This Smash, like a lot of North Shore rigs, is mainly used as a pedal-and-plunge rig so SLX shifting does the job just fine. An SLX 11-speed rear derailleur is a great choice for most riders but if you're trying to run through your gears while riding yourself frothy, then an XT shifter is a worthy upgrade. The SunRace cassette is an 11-50t. It's funny talking about shifting as being secondary, and I often come up against folks trying to write off my opinion because I like single speeds. I always go back to AXS Strikes Back and how few gears my friend Toucan actually uses even when riding the faster trails on the Shore. It's totally reasonable to me to invest in great suspension, brakes, and geometry over shifting. Speaking of geometry, I'm closer to being six feet tall than Aaron is to being seven but he's still a tall lad. Guerrilla Gravity makes a reasonably big XL but, as with every single bike he's ever owned, I think the first assessment was "I thought it would be bigger." He runs the GeoShift headset set in the longest position with the stem slammed and a high rise bar in order to maximize the effective Reach.
The choice to use a Cane Creek Double Barrel CS Coil shock (CCDB CS Coil) is something I'm on board with and it's what my brother runs on his aluminum Smash as well. The twin tube CCDB shocks are far from the lightest on the market, but their resilience is best in class thanks to circulating oil and the poppet valve architecture. They're the one suspension product on the market where I generally ignore service intervals, and support is so fantastic that even buying a trashed one is a good value as long as it's cheap. There's a 185mm BikeYoke ReVive dropper post, which is smooth as, but given Aaron runs a 210mm on his hardtail that could change at some point. I often wonder where dropper post travel will max out. I have yet to talk to a proper tall person running a 210mm post that wasn't using all the travel and the only folks I've heard of with 240mm posts that have adjusted them down to 230mm or 220mm have done so to find their proper seat height.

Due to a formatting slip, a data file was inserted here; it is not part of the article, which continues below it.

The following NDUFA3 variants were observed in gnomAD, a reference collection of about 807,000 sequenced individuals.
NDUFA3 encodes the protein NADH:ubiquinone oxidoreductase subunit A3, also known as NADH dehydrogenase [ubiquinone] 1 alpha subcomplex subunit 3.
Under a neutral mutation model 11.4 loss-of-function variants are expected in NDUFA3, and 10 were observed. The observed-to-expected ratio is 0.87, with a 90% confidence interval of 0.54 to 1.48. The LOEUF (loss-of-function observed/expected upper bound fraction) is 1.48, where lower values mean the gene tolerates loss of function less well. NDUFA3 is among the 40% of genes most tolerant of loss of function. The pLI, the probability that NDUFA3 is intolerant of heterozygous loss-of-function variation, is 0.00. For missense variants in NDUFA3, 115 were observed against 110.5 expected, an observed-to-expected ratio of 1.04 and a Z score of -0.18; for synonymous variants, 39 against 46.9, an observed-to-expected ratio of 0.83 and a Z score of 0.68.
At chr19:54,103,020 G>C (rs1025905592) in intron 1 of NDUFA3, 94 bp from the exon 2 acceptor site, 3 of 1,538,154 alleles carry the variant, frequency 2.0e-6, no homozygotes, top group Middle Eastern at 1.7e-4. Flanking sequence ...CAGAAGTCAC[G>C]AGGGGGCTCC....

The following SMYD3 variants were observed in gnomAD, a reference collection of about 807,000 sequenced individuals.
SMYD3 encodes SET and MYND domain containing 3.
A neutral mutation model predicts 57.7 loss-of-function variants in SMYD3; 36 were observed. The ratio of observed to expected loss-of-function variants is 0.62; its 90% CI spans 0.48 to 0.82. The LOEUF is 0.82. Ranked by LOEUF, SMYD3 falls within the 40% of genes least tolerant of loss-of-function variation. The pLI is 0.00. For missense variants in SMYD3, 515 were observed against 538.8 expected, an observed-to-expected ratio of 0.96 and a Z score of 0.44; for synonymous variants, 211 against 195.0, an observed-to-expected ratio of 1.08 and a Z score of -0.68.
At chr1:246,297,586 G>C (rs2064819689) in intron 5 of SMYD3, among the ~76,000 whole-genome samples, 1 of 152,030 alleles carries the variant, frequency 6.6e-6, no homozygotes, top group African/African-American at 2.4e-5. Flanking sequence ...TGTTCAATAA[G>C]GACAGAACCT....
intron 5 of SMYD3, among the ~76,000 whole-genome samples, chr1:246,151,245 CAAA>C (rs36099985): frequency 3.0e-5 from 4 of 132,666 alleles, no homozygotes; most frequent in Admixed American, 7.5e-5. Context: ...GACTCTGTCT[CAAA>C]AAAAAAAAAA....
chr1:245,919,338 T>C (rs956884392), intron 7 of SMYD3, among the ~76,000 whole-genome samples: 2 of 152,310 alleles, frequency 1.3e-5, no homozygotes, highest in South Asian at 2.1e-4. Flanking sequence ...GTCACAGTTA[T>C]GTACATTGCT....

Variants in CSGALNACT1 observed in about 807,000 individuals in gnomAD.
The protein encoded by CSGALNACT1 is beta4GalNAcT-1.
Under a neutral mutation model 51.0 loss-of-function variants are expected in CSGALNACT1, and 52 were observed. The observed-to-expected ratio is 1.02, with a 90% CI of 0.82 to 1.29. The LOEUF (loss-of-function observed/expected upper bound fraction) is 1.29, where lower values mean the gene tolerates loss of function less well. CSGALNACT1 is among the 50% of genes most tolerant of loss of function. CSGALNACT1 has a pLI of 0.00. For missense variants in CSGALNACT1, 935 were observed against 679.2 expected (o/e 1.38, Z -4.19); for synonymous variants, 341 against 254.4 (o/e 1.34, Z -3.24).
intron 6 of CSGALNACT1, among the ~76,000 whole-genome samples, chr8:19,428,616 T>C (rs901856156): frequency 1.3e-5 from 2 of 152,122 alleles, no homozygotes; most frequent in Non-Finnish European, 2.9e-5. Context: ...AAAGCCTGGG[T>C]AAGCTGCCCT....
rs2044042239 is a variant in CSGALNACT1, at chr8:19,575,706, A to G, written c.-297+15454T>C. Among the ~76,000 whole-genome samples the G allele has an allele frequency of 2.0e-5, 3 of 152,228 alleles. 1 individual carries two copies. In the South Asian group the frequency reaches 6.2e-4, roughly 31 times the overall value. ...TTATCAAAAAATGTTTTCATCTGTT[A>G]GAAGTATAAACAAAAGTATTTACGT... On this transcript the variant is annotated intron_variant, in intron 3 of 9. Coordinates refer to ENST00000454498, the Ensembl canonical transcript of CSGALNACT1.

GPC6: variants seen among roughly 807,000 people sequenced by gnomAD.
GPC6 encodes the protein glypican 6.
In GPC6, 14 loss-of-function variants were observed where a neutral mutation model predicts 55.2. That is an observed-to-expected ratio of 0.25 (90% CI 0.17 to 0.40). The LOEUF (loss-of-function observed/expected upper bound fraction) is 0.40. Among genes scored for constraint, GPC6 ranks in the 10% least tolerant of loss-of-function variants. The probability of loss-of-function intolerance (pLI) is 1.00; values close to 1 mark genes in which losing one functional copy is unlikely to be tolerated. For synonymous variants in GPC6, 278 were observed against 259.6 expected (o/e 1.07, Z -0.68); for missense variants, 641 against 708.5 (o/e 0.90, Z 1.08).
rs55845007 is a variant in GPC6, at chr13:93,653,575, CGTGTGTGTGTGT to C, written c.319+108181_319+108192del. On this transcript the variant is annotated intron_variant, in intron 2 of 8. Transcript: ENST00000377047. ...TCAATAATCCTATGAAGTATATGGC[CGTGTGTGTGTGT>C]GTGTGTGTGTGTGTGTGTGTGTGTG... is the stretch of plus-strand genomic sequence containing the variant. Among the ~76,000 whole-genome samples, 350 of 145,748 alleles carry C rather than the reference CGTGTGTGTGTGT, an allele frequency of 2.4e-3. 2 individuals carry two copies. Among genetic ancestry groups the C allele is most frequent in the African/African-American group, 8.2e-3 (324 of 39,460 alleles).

If this was a min-max your mountain bike article it would be hard to point out any one thing Aaron should update now. An XT shifter, with its multi-release function, would be nice but certainly not a necessity. Even the Chromag Trailmaster LTD saddle will last forever with a bit of Brooks Proofide whenever the surface is worn. The one thing he clearly needs to be budgeting for is a replacement fork. Not for performance reasons, the 2015 Fox 36 Factory FIT RC2 is a fantastic fork. But, the next time the CSU starts creaking, the lack of support will mean buying a whole new fork instead of a replacement crown. A hectic life schedule is the only thing that's given it a reprieve this long. When the time comes a Boostinator kit for the front wheel isn't a big deal but what fork to buy? Aaron has a Cane Creek Helm on his hardtail which is a great platform and set to 150mm travel it would be a perfect match. But really, there are a lot of great forks these days and at 150-160mm travel I think a good 35-36mm chassis is perfect even for a heavier rider.
It's a sweet ride, pretty damn unique, and Aaron is a nice guy who loves nerding out about bikes so if you see him in the hills be sure to say hello. Thanks again to him for lending me his bike, body, and petit person for a proper look at the new KRS Pro saddle system and for letting me share some deeper details about his bike.